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Lagos show concern for slum dwellers

With the reality of rapidly urbanizing world in which more city dwellers than ever before found themselves living in informal settlements, the United Nations Human Settlement Programme (UN-HABITAT) has pledged a robust collaboration with Lagos State Government to promote socially, environmentally sustainable human settlements and adequate housing for all.

While expressing deep concern on the rate of urbanisation in Nigerian cities at World Habitat Day 2014, organised by the Lagos State Government last week, the Programme Manager, UN-HABITAT Programme Office (HAPSO) in Nigeria, Malam Kabir Yari, warned that over a quarter of the country’s total urban population and with a growth rate which at between 6-8 per cent is about to double the national estimate of 2.9 per cent.

He said: “Almost 60 per cent of the urban population in sub-Saharan Africa resides in slums without running water, minimum conditions of hygiene and without access to essential services. It is only expected that Nigeria’s premier Mega City, Lagos, would have more than its fair share of people living in slum conditions to contend with. “

He cited UN Under-Secretary-General and UN-Habitat Executive Director, Dr. Joan Clos, speech at the Prepcom 1 of Habitat III in New York, where he noted, “the proliferation of slums and an informal economy are not the only obstacles in the urbanization of developing countries. Other factors also threaten the future of cities, such as vulnerability to natural disasters and socio-political conflicts over land and resources. Many cities also fail to provide basic services to their citizens and lack functioning public transportation systems. In many countries in the global South, the current development dynamics increases social inequalities.”

Speaking on the theme of the event titled: “Voices from Slums”, Yari explained that the theme would draw a collective attention to the plight of urban residents who today, live in conditions that are not the best, and unacceptable.

However, he recalled that the first efforts at slum upgrading in Nigeria also began in Lagos in the 1930s with the creation of Nigeria’s first planning agency, the Lagos Executive Development Board (LEDB), which started with the Oko Awo Scheme and followed with the Central Lagos Planning Scheme in the late 1950s. Subsequent efforts to expand on these initiatives over the years, have led to the establishing of several specialized agencies to address the notoriously burdensome challenge of managing rapid urban growth in the city.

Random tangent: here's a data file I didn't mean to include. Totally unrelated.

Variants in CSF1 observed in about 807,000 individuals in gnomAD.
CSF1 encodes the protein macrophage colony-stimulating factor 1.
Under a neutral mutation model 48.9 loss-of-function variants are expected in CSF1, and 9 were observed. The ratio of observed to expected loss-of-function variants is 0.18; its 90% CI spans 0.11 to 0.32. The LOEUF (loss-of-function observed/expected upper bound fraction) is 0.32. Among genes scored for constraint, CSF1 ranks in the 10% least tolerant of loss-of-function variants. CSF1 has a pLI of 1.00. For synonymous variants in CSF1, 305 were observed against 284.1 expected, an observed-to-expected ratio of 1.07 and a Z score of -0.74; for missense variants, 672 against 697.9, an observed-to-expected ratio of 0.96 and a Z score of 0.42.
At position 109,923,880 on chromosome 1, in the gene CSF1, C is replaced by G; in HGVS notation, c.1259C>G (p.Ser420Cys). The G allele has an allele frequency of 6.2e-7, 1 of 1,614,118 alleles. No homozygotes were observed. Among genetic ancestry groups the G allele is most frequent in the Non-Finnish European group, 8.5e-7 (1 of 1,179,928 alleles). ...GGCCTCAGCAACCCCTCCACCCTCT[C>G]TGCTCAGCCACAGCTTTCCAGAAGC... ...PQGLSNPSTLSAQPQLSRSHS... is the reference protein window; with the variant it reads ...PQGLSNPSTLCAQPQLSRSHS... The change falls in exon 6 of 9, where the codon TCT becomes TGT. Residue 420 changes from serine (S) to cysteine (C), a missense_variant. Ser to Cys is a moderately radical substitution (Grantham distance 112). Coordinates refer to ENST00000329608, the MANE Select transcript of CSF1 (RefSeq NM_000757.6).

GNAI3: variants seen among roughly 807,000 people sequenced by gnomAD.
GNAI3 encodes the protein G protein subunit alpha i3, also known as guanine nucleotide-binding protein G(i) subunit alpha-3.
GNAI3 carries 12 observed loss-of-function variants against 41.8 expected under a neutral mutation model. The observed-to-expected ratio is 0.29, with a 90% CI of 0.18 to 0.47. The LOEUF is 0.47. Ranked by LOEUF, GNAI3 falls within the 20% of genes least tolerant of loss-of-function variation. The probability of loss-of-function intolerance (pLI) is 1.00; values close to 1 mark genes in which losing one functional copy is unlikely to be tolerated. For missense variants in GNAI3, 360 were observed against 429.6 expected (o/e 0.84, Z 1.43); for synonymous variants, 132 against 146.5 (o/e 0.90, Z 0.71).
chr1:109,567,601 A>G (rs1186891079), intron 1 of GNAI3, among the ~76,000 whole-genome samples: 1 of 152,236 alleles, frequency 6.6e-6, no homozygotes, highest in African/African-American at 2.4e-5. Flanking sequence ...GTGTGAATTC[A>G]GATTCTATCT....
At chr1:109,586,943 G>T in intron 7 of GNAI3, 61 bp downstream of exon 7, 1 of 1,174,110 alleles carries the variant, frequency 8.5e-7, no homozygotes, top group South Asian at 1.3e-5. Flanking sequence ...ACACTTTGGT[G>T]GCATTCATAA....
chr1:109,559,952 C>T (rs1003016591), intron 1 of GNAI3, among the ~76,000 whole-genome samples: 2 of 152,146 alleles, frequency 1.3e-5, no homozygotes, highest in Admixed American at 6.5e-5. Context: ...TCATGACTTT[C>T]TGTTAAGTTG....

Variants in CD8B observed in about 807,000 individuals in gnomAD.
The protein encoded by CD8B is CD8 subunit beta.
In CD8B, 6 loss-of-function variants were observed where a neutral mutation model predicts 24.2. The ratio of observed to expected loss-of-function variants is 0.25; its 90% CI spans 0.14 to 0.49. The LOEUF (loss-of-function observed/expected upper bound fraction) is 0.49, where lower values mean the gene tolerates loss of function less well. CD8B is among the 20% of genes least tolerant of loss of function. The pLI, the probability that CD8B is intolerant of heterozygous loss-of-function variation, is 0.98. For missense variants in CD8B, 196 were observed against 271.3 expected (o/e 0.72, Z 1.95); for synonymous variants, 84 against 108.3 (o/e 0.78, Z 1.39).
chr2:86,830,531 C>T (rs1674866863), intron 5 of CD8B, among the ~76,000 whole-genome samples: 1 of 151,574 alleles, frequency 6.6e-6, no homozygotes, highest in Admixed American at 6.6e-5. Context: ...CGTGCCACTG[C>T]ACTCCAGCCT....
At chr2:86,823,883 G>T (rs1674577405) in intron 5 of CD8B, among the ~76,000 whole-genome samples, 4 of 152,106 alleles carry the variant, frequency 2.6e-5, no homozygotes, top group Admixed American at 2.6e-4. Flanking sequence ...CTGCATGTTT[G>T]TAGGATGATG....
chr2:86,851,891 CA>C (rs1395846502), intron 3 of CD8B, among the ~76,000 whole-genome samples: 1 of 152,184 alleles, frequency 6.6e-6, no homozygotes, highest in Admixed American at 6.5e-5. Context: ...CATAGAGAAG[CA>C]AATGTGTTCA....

“In line with these efforts, the Lagos State Urban Renewal Authority in October 2006 adopted a city-wide approach for upgrading nine of the 42 slum communities (blighted areas) identified in 1983, covering an area occupied by up to 1.1 million inhabitants and 150,000 households.

“Also worthy of note, are the several other recent initiatives adopted by the Lagos State government to address these issues, such as the preparation and adoption of District Plans, Draft Town Plans and Regulations, Interim Regional and Structure Plans, Model City Plans and Metropolitan Master Plans among several others.

“It is the commitment to such innovative interventions that has enabled Lagos State to consistently provide leadership in the area of urban renewal and slum upgrading and today, some of its achievements have become Best Practices that are being emulated by others from both within and outside the country”, he said.

He also added that the growing proportion of city dwellers represent real human beings with real needs and real expectations, whose voices must not only be heard, but must also count.

According to him, ‘Voices from Slums’ seeks to give a voice to slum dwellers, calls our collective attention to their needs and, encourage all stakeholders to explore ways to more effectively improve the quality of life in their environments.

Furthermore, he said that the UN HABITAT has continued to advocate for prevention of both slums and urban sprawl by encouraging governments to ensure provision of improved access to basic urban services, sustainable water and sanitation, as well as energy and transport, through Preventive planning in advance; Planning at the scale of the problems; and Planning in phases.